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Do You Know What This Financial Warning Sign Means For Your Business?

Owners are often so immersed in the day-to-day details of their businesses that they can’t always see financial warning signs of tough times ahead. If you can’t see the warning signs, you can’t avoid the danger.

At Trillium Financial, we look for the warning signs. We closely monitor revenues, receivables and cash flows. These three figures are closely related. Businesses often struggle because of poor cash flow, which usually indicates declining revenues and/or slow collection of business receivables.

 

12/12 Rate of Change

One of my favorite tools to provide an early warning sign of potential trouble is a chart called the 12/12 rate of change. During difficult economic conditions, I watch this rate of change closely. If I start to see it slip from 20 percent to 19 or 18 percent, we need to investigate why. If a business continues down that path for too long, the impact will be quite negative.

Let’s take revenues as a simple example. Each month, we calculate total revenues for the past 12 months and we compare it against the same figure for the prior year. Then, we calculate the rate of change from last year to this year. If last year’s 12-month revenue figure is $1 million and this year’s 12-month revenue figure is $1.2 million, we have a 20 percent rate of change. Perhaps you can’t change the revenue figure during tough times, because customers postpone the purchase of your product or service. In that event, it may be possible to lower your expenses and avoid losing money.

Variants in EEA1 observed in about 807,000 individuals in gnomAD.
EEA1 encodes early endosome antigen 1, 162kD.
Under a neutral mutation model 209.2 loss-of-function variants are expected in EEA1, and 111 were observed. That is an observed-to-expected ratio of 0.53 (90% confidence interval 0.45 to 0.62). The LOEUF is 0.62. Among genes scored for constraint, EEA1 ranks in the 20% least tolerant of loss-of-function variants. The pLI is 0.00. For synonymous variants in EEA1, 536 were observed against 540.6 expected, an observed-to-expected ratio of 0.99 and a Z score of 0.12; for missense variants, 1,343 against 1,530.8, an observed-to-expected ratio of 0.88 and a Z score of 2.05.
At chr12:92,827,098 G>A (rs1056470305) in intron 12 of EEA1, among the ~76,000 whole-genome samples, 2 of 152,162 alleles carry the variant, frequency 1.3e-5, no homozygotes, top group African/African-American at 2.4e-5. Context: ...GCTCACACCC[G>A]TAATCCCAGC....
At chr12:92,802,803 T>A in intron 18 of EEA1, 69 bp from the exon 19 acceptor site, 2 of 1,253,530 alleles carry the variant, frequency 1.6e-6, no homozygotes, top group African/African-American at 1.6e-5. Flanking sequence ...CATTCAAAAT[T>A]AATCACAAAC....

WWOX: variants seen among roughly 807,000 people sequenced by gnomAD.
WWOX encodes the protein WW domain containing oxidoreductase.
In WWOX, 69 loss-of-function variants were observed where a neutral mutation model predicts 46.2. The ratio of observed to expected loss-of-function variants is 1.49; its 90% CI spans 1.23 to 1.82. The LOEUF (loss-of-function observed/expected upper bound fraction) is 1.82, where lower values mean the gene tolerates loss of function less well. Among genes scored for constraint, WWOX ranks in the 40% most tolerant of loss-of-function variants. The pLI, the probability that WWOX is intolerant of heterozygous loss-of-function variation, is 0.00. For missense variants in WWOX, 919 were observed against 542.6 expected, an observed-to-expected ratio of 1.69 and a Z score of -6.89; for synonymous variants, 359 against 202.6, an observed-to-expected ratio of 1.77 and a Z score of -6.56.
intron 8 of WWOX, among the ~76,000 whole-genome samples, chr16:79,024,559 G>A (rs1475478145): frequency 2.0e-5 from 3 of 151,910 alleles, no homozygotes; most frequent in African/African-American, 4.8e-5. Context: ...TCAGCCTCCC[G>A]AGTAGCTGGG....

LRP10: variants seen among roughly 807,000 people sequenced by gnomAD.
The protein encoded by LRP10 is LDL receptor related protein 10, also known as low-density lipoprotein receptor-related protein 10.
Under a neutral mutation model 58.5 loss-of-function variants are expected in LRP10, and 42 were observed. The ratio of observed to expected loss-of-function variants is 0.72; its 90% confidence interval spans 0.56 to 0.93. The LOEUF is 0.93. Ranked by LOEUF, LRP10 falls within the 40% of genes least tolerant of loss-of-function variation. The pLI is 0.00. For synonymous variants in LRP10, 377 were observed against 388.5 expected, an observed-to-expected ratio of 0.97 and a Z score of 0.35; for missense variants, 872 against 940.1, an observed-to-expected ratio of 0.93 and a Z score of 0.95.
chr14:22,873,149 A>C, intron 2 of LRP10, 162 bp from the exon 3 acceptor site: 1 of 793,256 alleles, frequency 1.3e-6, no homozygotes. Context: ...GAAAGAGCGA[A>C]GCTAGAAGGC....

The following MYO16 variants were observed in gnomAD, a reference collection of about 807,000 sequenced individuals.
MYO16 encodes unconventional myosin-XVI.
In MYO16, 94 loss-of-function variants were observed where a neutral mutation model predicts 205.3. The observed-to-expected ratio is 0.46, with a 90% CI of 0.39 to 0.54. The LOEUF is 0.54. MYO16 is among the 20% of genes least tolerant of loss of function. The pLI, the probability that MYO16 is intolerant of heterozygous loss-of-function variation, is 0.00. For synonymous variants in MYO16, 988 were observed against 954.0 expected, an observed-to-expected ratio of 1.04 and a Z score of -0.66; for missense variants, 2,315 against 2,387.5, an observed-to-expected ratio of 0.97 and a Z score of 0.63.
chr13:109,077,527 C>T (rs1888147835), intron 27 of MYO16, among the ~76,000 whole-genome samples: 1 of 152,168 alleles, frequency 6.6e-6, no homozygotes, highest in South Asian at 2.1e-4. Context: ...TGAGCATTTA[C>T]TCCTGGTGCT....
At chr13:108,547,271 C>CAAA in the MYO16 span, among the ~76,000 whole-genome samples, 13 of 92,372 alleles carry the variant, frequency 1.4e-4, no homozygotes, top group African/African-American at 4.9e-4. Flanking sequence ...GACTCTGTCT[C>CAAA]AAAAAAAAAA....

The 12/12 rate of change provides a long-term view of your business. It is very useful for spotting changes in a business trend, positive or negative, that have occurred during the past year.

 

12/12 Rate of Change for Fixed Overhead

To take the analysis a step further, I like to review the 12/12 rate of change for the fixed overhead of a business. It tends to be a leading indicator of future bottom-line results when combined with the 12/12 rate of change for revenues.

Fixed costs are those incurred whether you generate any revenue or not. They include rent and, for many service businesses, staff salaries and benefits.

Let’s imagine a business has a 12/12 rate of change for revenues that shows 5 percent growth. If the 12/12 rate of change for fixed overhead shows 10 percent growth, the business has a problem to address. The business is adding to its fixed overhead at a rate that exceeds top-line revenue growth. That’s a financial warning sign. Because of the long-term nature of the 12/12 rate of change, there is no need for immediate panic. However, if the situation is not remedied, it will pose a threat to the future health of the business.

To investigate further, I look at the trailing 12 months of revenues and fixed overhead expenses – not the rate of change, just gross dollar amounts. Is the revenue increasing or decreasing? We plot points on a graph to develop a clear trend line. We do the same for fixed overhead expenses. If, earlier in the year, you noticed an unhealthy rate of change trend and took corrective action, you can check your progress by reviewing the trailing 12. Using both metrics gives you a better read of the situation you face today.

What type of corrective action can you take? There are several possibilities, which we will address in a future article.  Stay tuned!